The theater publicly committed to keeping police out of the building, which Zhang had insisted was essential — but in those first few days of operation, with police brutalizing protesters across the city, it was hard to know what to expect. On Tuesday, the line for the bathroom was down the block, with some protesters arriving in Ubers just to pee. When a march looked to be heading down 4th Street, Zhang recalls preparing the line to quickly disperse if a heavy police presence arrived, fearing escalation. That march ultimately turned a different corner.
Zhang was present every day for the first week, managing volunteers drawn from the staff of NYTW and other theaters. The group figured out best practices as they went — bathroom cleaning, managing the flow of people in the lobby, and coordinating supply drop-offs. Zhang also gave tutorials on how to flush mace and tear gas out of the eyes, sharing what they had learned from the street medics who treated them.
Just around the corner, the Public Theater scrambled to respond to events. On the Monday NYTW opened its doors, the Public had intended to hold its annual gala — albeit virtually. The theater took heat on social media as cheesy, humorous videos from gala host Jesse Tyler Ferguson remained up on their platforms while the city erupted. By Sunday evening they had been deleted, replaced by a statement of solidarity and commitment to accountability. The gala was postponed. Perception remained that the theater “of, by and for all the people” — a theater whose founder, Joseph Papp, was himself a frequent participant in protests against inequality — was responding slowly.
Hearing that the Public was exploring the possibility of opening its lobby, and drawing inspiration from Zhang’s effort, Maya Quetzali Gonzalez drew up a letter to place pressure upon Public leadership. Gonzalez had interned at the Public since 2019, first in production at Shakespeare in the Park and then with the Shakespeare Initiative for the following year (with a stop-off at Under the Radar along the way). Now she was back home in Texas but eager to help from afar.
“We, the former and current staff, employees, and artists of The Public, are asking The Public to #OpenYourLobby to the brave protesters demanding justice for the countless police murders of Black people in our city and across the nation,” the letter opened.
Gonzalez at first shared the letter mostly with former interns, but it spread quickly. Over 300 members of the tight-knit Public community, from artists, to interns, to front of house staff, signed within just a day. “I spent my whole afternoon and evening just approving signatures,” she recalls. By Wednesday, June 3rd, the Public announced that it was opening its lobby, tweeting: “NYC, we hear you.” Zhang joined the Public’s volunteer crew that day to train lobby volunteers, sharing what they had learned at NYTW.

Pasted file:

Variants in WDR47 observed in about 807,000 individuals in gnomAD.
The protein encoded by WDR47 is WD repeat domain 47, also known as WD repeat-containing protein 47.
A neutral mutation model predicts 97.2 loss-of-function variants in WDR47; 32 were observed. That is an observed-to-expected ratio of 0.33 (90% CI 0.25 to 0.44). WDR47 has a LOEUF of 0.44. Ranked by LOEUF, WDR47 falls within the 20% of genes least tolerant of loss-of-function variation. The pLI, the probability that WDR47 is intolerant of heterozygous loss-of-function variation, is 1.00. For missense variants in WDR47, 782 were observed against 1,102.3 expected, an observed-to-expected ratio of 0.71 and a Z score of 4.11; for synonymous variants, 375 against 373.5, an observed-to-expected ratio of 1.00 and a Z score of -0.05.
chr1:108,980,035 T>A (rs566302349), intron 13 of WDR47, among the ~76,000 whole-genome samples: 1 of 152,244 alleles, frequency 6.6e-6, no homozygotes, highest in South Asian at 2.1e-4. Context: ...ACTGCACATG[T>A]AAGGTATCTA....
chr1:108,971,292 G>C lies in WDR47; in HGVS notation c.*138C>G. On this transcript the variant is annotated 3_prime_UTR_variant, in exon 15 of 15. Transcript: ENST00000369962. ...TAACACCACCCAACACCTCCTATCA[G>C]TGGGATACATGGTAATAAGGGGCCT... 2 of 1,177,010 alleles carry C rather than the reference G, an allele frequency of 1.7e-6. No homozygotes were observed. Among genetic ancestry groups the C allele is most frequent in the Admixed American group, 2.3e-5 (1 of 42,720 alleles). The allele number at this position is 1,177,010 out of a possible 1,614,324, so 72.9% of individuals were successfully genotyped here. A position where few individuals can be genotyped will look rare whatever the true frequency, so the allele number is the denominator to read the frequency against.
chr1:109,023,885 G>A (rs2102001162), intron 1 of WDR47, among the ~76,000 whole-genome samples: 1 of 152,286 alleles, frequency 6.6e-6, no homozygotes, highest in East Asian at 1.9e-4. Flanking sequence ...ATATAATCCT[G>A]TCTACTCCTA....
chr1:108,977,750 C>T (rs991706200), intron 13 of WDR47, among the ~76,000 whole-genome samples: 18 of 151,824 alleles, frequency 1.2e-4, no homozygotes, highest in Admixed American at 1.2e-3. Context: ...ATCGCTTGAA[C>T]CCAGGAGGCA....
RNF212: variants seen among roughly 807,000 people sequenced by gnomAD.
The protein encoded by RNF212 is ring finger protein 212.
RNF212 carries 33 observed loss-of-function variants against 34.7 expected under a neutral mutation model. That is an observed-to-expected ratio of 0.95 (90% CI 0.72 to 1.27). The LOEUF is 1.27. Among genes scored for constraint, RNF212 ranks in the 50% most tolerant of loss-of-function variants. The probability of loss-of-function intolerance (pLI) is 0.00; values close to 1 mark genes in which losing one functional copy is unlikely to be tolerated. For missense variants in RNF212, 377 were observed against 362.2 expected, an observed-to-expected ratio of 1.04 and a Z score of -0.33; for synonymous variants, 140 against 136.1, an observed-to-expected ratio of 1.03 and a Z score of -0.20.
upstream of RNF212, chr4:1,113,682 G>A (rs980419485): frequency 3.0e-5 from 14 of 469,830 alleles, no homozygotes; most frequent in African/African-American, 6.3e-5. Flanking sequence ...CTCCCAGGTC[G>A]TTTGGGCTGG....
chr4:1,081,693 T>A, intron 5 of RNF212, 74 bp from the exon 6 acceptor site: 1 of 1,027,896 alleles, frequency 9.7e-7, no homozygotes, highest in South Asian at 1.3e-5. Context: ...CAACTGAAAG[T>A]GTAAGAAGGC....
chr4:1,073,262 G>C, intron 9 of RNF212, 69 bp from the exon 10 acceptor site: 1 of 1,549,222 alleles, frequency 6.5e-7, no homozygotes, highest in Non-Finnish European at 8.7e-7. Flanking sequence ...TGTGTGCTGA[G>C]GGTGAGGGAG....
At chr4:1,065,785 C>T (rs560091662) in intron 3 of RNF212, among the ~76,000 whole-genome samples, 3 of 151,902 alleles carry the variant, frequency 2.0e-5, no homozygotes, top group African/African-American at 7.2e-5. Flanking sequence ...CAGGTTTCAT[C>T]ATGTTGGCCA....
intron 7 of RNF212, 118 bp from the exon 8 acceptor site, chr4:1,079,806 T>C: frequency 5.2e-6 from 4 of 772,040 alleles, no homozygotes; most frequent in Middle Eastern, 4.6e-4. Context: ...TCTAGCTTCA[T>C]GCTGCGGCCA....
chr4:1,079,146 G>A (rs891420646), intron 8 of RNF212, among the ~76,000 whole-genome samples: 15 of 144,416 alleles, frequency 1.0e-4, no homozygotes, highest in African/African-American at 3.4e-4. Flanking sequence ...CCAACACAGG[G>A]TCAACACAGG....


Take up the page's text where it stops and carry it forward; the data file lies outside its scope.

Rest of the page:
Now both efforts are self-sustaining, with volunteers drawn from theater staff around the city. The Workshop coordinates with two other 4th Street locations, La MaMa and IATI Theater, to trade off days when they are open. Theater spaces across the country have followed suit and opened up their lobbies to protesters.
Zhang and Gonzalez stress that their efforts were specific only to their theaters, with the broader Open Your Lobby effort then growing organically. Both did hear from organizers at a few venues and offered advice, but they don’t know the names or stories behind most of the openings. Not unlike the protests sweeping New York City and the world, the effort is built by leaders, but is leaderless.
Statements, Missions, Values, Oh, My
Among the larger theatrical institutions in New York that released varying statements of solidarity, support and accountability, Roundabout Theatre Company’s pledge stuck out for a final proclamation: “We will be on the right side of history.”
Theaters across the country have spoken out in support of Black Lives Matter, and some have made specific pledges to combat systemic racism within their own ranks and artistic output. Producer Marie Cisco’s “Theatres Not Speaking Out” spreadsheet, which Gonzalez assists in upkeeping (among many others), continues to track these commitments, and looks for who is making tangible change. Among the columns included: “Donation Made With Statement?” and “Actionable Commitments Declared in Statement?”
On Roundabout’s line of the spreadsheet, the answer under “Actionable Commitments” is currently a hopeful but uncertain: “Yes?”